Micronutrients are vitamins and minerals that people obtain from their diet. Human bodies also produce vitamin D in response to exposure to sunlight.

Plant foods contain many vitamins and minerals essential for a healthy immune system, such as zinc, selenium, and vitamins A, C, and E. Selenium is a trace mineral that benefits immune system health and cognitive function.

However, according to the Centers for Disease Control and Prevention (CDC), only one in 10 adults in the United States eat enough fruits or vegetables.

By switching to a plant-based diet that includes a wide variety of fruits and vegetables or eating more plant-based foods, people will increase their intake of essential minerals and vitamins that support the immune system. This in turn may increase people’s resilience to COVID-19.

Learn more about anti-inflammatory foods here.

Increased antioxidants and polyphenols

Healthy vegan diets that include a wide variety of fruits and vegetables are rich in antioxidants. These are compounds that fight free radicals and help counteract oxidative stress.

Some vitamins and minerals, as well as plant compounds such as polyphenols, act as antioxidants. Polyphenols are present in berries, olives, and nuts, among other foods.

According to a 2021 review, studies are currently underway to test whether polyphenols could potentially help prevent or treat viral infections, such as infections with SARS-CoV-2. However, at present, there is no evidence of this.

The authors explain that as people age, their immune system is less able to combat infections. The researchers refer to this immunological aging as immunosenescence. Polyphenols can counteract the senescence process and reduce inflammation.

Another review notes that excessive oxidative stress may be responsible for the lung damage, thrombosis, and red blood cell dysregulation that occurs in some people with COVID-19.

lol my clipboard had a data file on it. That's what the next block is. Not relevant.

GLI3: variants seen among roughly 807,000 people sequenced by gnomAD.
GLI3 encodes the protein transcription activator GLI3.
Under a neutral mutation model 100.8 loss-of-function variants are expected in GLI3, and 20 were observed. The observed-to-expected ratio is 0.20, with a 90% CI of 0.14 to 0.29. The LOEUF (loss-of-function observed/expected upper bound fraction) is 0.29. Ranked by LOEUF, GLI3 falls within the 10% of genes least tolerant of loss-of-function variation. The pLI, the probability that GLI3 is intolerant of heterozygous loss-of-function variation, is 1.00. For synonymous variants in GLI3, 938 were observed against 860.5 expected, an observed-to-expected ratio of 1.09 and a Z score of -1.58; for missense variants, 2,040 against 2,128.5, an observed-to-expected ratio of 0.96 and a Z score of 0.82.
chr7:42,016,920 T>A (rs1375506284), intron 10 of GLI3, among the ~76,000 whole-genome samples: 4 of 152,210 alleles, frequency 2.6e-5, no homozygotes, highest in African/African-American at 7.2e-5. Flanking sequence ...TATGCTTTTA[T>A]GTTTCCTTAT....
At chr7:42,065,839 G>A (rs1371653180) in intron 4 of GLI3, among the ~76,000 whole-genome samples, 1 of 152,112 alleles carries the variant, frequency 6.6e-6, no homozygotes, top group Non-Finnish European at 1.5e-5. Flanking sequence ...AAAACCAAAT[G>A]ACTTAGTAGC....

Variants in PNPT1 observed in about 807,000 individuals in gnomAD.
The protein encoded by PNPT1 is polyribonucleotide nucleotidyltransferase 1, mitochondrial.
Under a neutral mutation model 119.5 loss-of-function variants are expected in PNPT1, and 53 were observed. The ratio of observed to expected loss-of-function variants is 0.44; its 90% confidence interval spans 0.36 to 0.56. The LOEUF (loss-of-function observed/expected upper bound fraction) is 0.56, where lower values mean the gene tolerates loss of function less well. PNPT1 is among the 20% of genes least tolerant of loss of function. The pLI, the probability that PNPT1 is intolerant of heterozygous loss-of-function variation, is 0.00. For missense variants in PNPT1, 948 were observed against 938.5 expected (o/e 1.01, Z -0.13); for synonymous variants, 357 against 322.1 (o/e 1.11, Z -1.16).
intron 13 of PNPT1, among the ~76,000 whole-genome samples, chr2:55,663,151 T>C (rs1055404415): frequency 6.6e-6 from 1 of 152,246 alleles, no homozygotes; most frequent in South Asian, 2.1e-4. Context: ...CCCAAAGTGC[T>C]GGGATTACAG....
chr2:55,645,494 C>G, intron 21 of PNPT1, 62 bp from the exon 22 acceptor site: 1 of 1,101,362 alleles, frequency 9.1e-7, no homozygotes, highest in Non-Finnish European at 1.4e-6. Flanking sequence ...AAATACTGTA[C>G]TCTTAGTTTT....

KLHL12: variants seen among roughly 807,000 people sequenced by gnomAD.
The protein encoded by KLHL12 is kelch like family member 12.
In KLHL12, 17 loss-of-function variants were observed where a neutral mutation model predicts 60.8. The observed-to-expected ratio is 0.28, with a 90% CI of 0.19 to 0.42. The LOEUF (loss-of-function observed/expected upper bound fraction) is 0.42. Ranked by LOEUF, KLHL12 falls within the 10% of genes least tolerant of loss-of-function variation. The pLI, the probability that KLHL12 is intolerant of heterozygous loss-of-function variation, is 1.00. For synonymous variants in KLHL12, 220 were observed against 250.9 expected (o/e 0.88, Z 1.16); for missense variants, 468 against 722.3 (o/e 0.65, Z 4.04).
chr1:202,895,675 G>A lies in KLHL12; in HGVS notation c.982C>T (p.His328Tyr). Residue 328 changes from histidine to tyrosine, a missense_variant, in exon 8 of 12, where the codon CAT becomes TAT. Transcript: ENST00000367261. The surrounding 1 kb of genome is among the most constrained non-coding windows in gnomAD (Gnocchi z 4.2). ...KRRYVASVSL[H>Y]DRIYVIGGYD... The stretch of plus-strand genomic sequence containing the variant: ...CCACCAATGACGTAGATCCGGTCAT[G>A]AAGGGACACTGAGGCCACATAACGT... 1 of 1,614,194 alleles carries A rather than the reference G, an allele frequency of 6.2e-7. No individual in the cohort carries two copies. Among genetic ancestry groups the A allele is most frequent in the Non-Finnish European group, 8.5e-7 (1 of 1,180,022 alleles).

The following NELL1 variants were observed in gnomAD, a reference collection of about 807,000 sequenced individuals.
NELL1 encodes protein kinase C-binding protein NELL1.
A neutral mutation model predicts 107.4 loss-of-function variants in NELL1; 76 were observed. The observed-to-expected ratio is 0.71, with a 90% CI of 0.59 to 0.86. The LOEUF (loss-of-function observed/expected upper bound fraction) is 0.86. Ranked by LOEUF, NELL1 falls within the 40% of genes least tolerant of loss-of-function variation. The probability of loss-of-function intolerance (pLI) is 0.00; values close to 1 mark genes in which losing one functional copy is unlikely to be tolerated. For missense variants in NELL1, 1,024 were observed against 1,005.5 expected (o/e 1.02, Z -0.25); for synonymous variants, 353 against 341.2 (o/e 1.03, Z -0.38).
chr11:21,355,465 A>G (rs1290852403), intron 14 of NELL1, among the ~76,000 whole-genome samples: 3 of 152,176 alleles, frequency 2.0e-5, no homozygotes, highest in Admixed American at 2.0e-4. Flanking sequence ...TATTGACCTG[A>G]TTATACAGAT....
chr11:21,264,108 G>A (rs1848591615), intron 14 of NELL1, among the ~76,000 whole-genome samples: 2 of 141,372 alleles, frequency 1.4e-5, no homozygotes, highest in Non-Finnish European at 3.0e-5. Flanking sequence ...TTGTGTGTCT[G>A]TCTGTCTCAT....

The authors of the review suggest that antioxidants could have therapeutic effects. Therefore, a plant-based diet rich in antioxidants and polyphenols may help protect against COVID-19.

Learn more about some of the top foods high in antioxidants here.

Support for a healthy gut microbiome

According to some research, SARS-CoV-2 alters the gut microbiota, and probiotics and prebiotics may improve the immune function in people with a SARS-CoV-2 infection.

The fiber in plant foods provides prebiotics to feed gut bacteria. Research shows that plant-based diets influence the gut microbiome favorably, increasing bacterial diversity and potentially reducing inflammation.

According to a 2020 review, a plant-based fiber-rich diet may have protected COVID-19 patients in India. The authors suggest that plant-based foods are likely to boost a gut microbiota capable of triggering an anti-inflammatory response.

Decreased obesity and comorbidities

Eating a plant-based diet may help people avoid having obesity and other health conditions that could worsen their experience of COVID-19 if they develop it.

Research suggests that a SARS-CoV-2 infection results in increased hospitalization rates and greater severity of illness in people with diabetes or obesity.